We list below links to a variety of sources that foster a critique of the current relationship between Ofsted and the Academy Trusts.
The links and narrative samples are not ours, they are courtesy of the Reclaiming Education movement. They are telling and offer a comprehensive landscape view of a system in the throes of developmental crisis.
The first reference begins with a letter from Chris Dunne to the Financial Times. ‘We may regret not having defended our education system…’
We commend the suite in entirety to our readers. Please share this article with colleagues.
- Chris Dunne’s letter, “We will come to regret not having defended our education system”, in the Financial Times can be seen here
- Henry Stewart’s piece looking at the progress of academies against maintained schools can be read here.
- And, in case you missed these pieces on where the money is being wasted and who benefits, there is this piece in localgov.uk and this piece in Schoolsweek
- Ofsted condemns Academy Trusts: The Government has announced that it plans to force all schools to become academies. The major problem is going to be who will run these schools, given that Ofsted has some major criticisms of at least 8 of the large academy trusts.
- Ofsted Inspections of Academy TrustsOfsted has carried out focused inspections of academies within 9 multi academy trusts. Significantly, only one, the last and smallest one, is positive. The full reports can be found on the Government website here. A map of where the academies are can be found here.
- CfBT: 11 primary/8 Secondary“CfBT took on too many academies too quickly. The trust did not have a clear rationale for the selection of schools, a strategy for creating geographical clusters or a plan to meet academies’ different needs. As a result, standards are too low. The trust relied heavily on external consultants but did not ensure their accountability in securing rapid and secure improvement. Headteachers were unable to provide each other with the much needed mutual support or share available expertise. Current CST leaders openly acknowledge these errors.” Full report
- Academies Enterprise Trust: 32 primary/30 secondary/5 special”After operating for nearly eight years, the Trust is failing too many pupils. Almost 40% of the pupils attend AET primary academies that do not provide a good standard of education. It is even worse in secondary, where 47% of pupils attend academies that are less than good……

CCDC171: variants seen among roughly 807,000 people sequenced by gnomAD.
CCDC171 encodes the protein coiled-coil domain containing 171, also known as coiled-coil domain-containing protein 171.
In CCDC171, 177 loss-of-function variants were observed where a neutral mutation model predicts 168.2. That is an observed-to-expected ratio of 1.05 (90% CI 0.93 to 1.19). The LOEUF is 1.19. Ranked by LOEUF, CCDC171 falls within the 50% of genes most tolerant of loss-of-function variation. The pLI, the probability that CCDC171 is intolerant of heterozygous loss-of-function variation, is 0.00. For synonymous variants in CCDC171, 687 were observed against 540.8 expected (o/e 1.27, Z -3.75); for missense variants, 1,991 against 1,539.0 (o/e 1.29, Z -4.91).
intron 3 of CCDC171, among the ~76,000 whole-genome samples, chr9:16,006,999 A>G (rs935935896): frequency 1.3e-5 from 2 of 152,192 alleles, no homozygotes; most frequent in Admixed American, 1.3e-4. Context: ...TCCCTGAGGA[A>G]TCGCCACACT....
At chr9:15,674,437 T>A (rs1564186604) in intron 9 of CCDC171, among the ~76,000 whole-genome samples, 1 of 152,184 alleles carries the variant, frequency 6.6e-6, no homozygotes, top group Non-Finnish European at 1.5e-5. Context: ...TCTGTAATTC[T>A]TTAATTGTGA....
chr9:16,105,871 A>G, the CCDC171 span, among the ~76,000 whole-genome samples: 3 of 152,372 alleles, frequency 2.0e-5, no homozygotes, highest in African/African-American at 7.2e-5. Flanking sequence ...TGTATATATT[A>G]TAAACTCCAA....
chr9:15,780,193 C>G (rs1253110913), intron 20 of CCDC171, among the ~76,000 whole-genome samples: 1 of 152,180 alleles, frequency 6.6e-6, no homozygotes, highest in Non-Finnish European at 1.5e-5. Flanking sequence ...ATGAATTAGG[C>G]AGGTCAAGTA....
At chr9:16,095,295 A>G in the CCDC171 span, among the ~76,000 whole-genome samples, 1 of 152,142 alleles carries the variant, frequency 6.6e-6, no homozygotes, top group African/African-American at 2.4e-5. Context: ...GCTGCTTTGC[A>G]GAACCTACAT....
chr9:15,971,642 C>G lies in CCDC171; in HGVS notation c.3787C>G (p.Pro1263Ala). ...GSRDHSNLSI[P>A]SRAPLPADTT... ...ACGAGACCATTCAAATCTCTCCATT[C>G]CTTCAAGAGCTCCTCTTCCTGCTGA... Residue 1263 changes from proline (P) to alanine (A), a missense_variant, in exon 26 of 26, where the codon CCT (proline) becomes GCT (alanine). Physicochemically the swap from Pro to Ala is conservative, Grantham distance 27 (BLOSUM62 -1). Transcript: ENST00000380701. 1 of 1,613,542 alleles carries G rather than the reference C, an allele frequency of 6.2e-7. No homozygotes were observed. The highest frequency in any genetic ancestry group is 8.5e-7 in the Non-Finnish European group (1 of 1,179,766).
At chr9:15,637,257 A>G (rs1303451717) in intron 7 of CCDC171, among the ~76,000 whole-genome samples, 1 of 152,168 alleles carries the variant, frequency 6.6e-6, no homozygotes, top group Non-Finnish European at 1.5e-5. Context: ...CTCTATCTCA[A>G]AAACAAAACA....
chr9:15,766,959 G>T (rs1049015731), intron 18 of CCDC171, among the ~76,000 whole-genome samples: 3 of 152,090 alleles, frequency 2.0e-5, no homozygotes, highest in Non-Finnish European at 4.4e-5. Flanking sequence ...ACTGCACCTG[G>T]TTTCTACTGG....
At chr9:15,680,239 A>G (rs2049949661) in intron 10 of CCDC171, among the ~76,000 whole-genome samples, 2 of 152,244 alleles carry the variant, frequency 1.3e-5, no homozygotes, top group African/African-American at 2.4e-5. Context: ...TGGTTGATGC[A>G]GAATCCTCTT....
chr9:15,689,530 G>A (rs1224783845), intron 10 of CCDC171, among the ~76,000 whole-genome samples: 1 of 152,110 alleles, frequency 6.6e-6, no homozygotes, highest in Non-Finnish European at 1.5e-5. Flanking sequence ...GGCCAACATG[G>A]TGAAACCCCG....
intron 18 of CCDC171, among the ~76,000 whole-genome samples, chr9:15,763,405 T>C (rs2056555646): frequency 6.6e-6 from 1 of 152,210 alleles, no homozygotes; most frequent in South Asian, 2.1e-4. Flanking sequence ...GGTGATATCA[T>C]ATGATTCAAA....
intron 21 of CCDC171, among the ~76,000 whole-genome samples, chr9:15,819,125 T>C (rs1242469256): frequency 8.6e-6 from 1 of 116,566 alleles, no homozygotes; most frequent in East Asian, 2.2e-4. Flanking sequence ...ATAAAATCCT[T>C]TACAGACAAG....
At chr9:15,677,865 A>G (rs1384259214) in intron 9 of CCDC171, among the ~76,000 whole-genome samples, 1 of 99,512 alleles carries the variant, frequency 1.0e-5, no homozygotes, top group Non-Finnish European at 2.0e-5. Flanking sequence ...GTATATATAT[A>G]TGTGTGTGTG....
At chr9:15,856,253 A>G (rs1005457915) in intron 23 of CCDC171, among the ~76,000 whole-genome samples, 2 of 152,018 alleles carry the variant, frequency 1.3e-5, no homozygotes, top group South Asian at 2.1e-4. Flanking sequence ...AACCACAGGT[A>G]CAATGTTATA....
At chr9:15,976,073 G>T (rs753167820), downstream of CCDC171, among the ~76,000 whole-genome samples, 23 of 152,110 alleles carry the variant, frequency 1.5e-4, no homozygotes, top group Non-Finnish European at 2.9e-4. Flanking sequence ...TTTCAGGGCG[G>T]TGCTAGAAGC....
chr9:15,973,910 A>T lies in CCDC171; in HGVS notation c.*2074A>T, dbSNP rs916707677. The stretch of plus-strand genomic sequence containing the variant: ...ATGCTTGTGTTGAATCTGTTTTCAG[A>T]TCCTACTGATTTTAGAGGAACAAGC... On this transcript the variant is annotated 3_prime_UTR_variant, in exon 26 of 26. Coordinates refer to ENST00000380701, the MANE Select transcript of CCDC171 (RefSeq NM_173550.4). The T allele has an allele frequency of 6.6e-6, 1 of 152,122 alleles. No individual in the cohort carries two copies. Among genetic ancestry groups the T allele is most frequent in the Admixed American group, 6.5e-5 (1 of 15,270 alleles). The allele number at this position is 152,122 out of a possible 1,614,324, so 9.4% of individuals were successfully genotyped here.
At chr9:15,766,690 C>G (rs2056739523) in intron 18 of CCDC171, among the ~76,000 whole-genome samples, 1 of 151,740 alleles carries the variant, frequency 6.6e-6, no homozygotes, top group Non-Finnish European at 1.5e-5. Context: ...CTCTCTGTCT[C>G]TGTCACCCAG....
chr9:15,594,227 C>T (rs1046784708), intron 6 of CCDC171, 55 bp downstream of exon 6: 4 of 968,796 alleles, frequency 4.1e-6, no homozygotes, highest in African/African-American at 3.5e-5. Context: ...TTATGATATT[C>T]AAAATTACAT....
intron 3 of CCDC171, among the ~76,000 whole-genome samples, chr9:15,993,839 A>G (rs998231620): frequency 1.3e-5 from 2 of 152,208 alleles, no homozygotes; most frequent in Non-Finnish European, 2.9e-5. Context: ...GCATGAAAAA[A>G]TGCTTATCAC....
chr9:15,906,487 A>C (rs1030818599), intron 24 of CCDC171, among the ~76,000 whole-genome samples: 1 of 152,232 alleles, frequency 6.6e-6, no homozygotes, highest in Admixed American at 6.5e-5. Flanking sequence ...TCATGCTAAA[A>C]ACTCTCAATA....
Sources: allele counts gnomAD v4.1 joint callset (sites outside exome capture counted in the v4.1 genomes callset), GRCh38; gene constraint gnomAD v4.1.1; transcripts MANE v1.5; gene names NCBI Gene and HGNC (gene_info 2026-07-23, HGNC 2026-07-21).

“Children from poor backgrounds do particularly badly in this Trust. The attainment and progress of disadvantaged pupils, in both the primary and secondary academies, still lags behind that of other pupils, and gaps in performance are not narrowing quickly enough……
“The outcomes of the focused inspections failed to demonstrate that the Trust is consistently improving its academies. Full report
- Collaborative Academies Trust: 9 schools“Collaborative Academies Trust was set up in 2012 by EdisonLearning ……
………Too many academies have not improved since joining the trust. Of the five academies that have had a full inspection since joining the trust, only one has improved its inspection grade compared with its predecessor school. Two have remained the same and two have declined. This means that, at the time of the focused inspection, there were not yet any good or outstanding academies in the trust. “ Full report
- E-Act (formerly Edutrust): 23 academies (was more)“…Nevertheless, the quality of provision for too many pupils in E-ACT academies is not good enough.
……Standards in the secondary academies are too low. Previous interventions by the Trust to raise attainment and accelerate progress have not had enough impact and any improvements have been slow.
….Pupils from poor backgrounds do not do well enough. These pupils make less progress than other pupils nationally. This is an area of serious concern. “ Full report
- Kemnal Academies Trust: 15 secondary/26 primary“Less than half of your academies were good or better and there are no longer any outstanding academies in your chain. ………
.. an overwhelming proportion of pupils attending one of the academies inspected are not receiving a good education. “ Full report
- Oasis Community Learning Trust: 50? Schools – DfE list and Oasis website appear to disagree.The academy trust has grown rapidly, taking on 30 new academies in the last three years …
Across the trust, some groups of pupils do not achieve well. Disadvantaged pupils, particularly boys, make significantly less progress than their peers nationally………. there is no evidence of an overall strategy or plan that focuses on these particular issues. Full report
- School Partnership Trust: 41 schools“The impact of the Trust’s work in bringing about improvement where it is most needed has been too slow. Where standards have been intractably low for some time, the Trust is not driving significant, sustained improvement. …
……The standard of education provided by the Trust is not good enough in around 40% of its academies inspected so far. “ Full report
- The Education Fellowship: 12 schools“There is no clear record of improvement in the trust’s academies and standards across the trust are unacceptably variable. In around three quarters of the academies, standards are poor.
Standards declined in five of the eight primary academies in 2014. In the majority of the trust’s 12 academies, the gap in attainment between disadvantaged pupils and their better off peers, both within the academies and compared with pupils nationally, remains unacceptably wide.” Full Report
- Wakefield City Academies Trust – the only positive one!“Two years into its development, WCAT is making a positive difference to the quality of provision and outcomes for pupils within its academies. “ Full report
You can locate Reclaiming Education here…